“Be known before you’re needed” Advertise with Tidbits (334) 202-7285 picnics and the playing of the “The Star-Spangled Banner” and marches by John Philip Sousa. Invite this delicious Red, White and Blueberry Cheesecake to your Independence Day holiday as we celebrate the wonderful history of this great country! (Additional information courtesy of PBS Online.) RED, WHITE AND BLUEBERRY CHEESECAKE
Red, White and Blueberries! Americans celebrate July 4th, also known as Independence Day, often without knowing the fascinating history about how this celebration came into being. “Taxation without representation!” That was the battle cry of the 13 colonies in America that were forced to pay taxes to England’s King George III with no representation in Parliament. As dissatisfaction grew, British troops were sent in to quell any signs of rebellion, and repeated attempts by the colonists to resolve the crisis without war proved fruitless. On June 11, 1776, the colonies’ Second Continental Congress, meeting in Philadelphia, formed a committee to draft a document that would formally sever ties with Great Britain. The committee included Thomas Jefferson, Benjamin Franklin, John Adams, Roger Sherman and Robert R. Livingston. Jefferson, who was considered the strongest and most eloquent writer, crafted the document. (Nevertheless, a total of 86 changes were made to his draft.) The Continental Congress officially adopted the final version on July 4. The following day, copies of the Declaration of Independence were distributed, and on July 6, “The Pennsylvania Evening Post” became the first newspaper to print the extraordinary document. The Declaration of Independence has since become our nation’s most cherished symbol of liberty. On July 8, 1776, the first public readings of the Declaration were held in Philadelphia’s Independence Square to the ringing of bells and band music. One year later, on July 4, 1777, Philadelphia marked Independence Day by adjourning Congress and celebrating with bonfires, bells and fireworks. The custom eventually spread to other cities and towns, where the day was marked with processions, oratory, picnics, contests, games, military displays and fireworks. Observations throughout the nation became even more common at the end of the War of 1812 with Great Britain. Congress established Independence Day as a holiday in 1870, and in 1938 Congress reaffirmed it as a holiday, but with full pay for federal employees. Today, communities across the nation mark this major midsummer holiday with parades, firework displays,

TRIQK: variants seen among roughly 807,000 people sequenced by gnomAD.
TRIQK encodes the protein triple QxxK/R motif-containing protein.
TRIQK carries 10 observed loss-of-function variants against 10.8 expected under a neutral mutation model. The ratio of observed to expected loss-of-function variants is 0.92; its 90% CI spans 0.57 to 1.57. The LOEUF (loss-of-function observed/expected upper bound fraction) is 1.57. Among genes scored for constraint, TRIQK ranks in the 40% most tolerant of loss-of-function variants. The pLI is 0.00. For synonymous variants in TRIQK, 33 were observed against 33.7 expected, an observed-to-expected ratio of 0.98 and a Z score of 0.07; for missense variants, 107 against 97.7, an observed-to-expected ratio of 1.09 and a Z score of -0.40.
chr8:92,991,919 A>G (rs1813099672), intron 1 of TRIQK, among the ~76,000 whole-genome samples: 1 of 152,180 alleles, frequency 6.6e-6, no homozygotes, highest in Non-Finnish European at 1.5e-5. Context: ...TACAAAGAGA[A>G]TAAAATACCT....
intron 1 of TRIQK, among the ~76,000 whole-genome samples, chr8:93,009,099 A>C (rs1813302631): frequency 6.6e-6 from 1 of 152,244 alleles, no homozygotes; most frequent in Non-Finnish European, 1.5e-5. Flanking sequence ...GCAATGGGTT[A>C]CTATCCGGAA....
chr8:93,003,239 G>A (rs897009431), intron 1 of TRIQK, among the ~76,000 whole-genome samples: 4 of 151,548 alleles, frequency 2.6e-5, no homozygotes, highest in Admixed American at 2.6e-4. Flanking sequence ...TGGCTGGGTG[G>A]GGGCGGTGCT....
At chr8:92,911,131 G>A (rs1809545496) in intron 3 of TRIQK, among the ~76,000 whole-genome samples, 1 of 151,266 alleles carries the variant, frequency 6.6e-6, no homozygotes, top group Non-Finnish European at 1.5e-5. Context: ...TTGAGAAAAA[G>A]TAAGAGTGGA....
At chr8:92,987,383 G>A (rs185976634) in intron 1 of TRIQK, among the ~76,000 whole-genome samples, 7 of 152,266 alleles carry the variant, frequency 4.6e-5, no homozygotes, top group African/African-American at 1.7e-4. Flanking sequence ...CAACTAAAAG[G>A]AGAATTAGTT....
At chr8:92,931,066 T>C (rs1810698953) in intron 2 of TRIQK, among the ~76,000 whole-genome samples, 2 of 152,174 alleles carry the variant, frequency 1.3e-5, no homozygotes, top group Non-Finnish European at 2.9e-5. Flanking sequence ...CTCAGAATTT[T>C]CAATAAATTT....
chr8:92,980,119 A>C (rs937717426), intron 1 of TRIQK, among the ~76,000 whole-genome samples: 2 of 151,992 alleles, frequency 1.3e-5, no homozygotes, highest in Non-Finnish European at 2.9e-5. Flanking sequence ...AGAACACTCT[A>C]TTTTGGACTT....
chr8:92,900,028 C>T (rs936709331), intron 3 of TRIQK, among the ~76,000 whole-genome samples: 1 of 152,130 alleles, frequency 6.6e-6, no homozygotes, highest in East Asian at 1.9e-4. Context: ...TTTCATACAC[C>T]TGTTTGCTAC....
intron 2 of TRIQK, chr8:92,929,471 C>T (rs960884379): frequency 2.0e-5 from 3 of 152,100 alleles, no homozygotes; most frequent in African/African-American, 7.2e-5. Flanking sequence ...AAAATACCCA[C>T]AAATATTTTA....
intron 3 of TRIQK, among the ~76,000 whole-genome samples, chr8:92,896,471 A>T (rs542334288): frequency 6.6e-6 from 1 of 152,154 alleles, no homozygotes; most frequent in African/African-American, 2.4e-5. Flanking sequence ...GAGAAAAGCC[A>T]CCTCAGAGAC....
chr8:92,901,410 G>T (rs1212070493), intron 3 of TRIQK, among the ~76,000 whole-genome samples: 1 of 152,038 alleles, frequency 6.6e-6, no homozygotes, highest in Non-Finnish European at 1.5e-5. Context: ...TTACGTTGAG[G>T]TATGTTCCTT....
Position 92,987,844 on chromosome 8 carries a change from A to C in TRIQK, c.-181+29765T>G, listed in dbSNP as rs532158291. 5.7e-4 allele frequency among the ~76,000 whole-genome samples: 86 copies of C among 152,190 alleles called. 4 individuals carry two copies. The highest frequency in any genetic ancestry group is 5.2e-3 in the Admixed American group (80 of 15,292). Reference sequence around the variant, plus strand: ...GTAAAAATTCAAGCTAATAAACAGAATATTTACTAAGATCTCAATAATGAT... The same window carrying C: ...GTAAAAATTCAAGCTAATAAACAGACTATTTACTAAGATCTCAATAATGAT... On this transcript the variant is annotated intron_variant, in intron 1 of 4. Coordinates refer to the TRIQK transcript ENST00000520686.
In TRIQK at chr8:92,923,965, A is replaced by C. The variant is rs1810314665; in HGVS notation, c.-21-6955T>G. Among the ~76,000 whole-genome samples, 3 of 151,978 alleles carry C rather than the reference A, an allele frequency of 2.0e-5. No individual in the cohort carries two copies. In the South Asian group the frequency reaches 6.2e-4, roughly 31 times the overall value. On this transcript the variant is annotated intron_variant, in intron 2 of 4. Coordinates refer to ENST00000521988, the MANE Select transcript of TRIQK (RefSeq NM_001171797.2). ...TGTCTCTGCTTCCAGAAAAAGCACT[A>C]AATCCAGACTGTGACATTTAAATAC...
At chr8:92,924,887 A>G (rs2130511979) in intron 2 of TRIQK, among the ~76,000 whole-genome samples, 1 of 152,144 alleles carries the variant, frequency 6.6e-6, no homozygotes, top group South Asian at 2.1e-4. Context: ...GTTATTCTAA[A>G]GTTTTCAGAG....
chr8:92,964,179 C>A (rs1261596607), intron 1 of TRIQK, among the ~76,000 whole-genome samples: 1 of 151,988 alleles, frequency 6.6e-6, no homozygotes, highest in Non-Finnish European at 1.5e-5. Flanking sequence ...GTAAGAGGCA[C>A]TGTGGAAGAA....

2 cups halved, pitted, sour or sweet cherries, fresh or frozen (thawed, drained; see Note below) 2 cups blueberries, fresh or frozen 3/4 cups granulated sugar or sugar substitute, divided 1/4 cup water, plus 4 teaspoons 2 tablespoons cornstarch 1 teaspoon fresh lemon juice 1/2 box (14-ounce) graham crackers 1/2 cup chopped walnuts, toasted 1/3 cup canola oil or melted butter 2 packages (8 ounces each) reduced-fat cream cheese (Neufchetel), softened 2 cups nonfat vanilla Greek yogurt 6 tablespoons confectioners’ sugar 1 teaspoon vanilla extract 1. Set aside 6 or 8 cherries and 6 or 8 blueberries for garnish. Combine remaining cherries and blueberries, 1/2 cup sugar or sugar substitute, 1/4 cup water and the lemon juice in a large saucepan and bring to a boil. Combine cornstarch with 4 teaspoons water, then stir into the berry mixture; return to a boil. Reduce heat to medium and cook, stirring constantly, until the liquid thickens and looks syrupy, about 1 minute. Remove from heat. 2. Process graham crackers in a food processor until finely ground. Add walnuts and pulse until finely chopped. Transfer to bowl; stir in remaining 1/4 cup sugar or sugar substitute. Drizzle with oil or butter and stir to combine. Press into bottom of a 9- by 13-inch baking dish. Place cherries and blueberries that were set aside for garnish on top of the graham cracker crust. 3. Beat cream cheese, yogurt, confectioners’ sugar and vanilla in a medium bowl with an electric mixer until smooth, scraping down the sides as necessary. Spread over the berries and crust. Spoon the cooked berry mixture over top. Cover and refrigerate until cold, about 3 hours. NOTES: To pit fresh cherries: A hand-held cherry pitter is the right tool for the job, and it also works for olives! Or pry out the pit with the tip of a knife or vegetable peeler. To toast walnuts: Cook in a small, dry skillet over medium-low heat, stirring constantly, until fragrant and lightly browned, 2 to 4 minutes. *** Angela Shelf Medearis is an award-winning children’s author, culinary historian and author of seven cookbooks. Her new cookbook is “The Kitchen Diva’s Diabetic Cookbook.” Her website is www.divapro. com. To see how-to videos, recipes and much, much more, Like Angela Shelf Medearis, The Kitchen Diva!, on Facebook and go to Hulu.com. Recipes may not be reprinted without permission from Angela Shelf Medearis. (c) 2013 King Features Synd., Inc., and Angela Shelf Medearis